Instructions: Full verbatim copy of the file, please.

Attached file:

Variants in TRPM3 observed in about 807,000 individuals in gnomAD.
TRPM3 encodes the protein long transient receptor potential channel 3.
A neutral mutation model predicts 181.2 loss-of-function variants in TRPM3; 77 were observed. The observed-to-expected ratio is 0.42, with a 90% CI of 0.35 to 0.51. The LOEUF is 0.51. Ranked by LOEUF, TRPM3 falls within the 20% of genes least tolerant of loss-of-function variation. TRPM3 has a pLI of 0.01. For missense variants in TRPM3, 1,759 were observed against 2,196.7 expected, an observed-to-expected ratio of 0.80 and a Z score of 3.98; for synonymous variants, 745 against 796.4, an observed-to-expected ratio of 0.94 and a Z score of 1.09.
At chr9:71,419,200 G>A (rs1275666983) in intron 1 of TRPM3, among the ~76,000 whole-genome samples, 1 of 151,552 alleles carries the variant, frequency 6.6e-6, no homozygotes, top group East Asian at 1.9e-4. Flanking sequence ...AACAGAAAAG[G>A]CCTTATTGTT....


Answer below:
Variants in TRPM3 observed in about 807,000 individuals in gnomAD.
TRPM3 encodes the protein long transient receptor potential channel 3.
A neutral mutation model predicts 181.2 loss-of-function variants in TRPM3; 77 were observed. The observed-to-expected ratio is 0.42, with a 90% CI of 0.35 to 0.51. The LOEUF is 0.51. Ranked by LOEUF, TRPM3 falls within the 20% of genes least tolerant of loss-of-function variation. TRPM3 has a pLI of 0.01. For missense variants in TRPM3, 1,759 were observed against 2,196.7 expected, an observed-to-expected ratio of 0.80 and a Z score of 3.98; for synonymous variants, 745 against 796.4, an observed-to-expected ratio of 0.94 and a Z score of 1.09.
At chr9:71,419,200 G>A (rs1275666983) in intron 1 of TRPM3, among the ~76,000 whole-genome samples, 1 of 151,552 alleles carries the variant, frequency 6.6e-6, no homozygotes, top group East Asian at 1.9e-4. Flanking sequence ...AACAGAAAAG[G>A]CCTTATTGTT....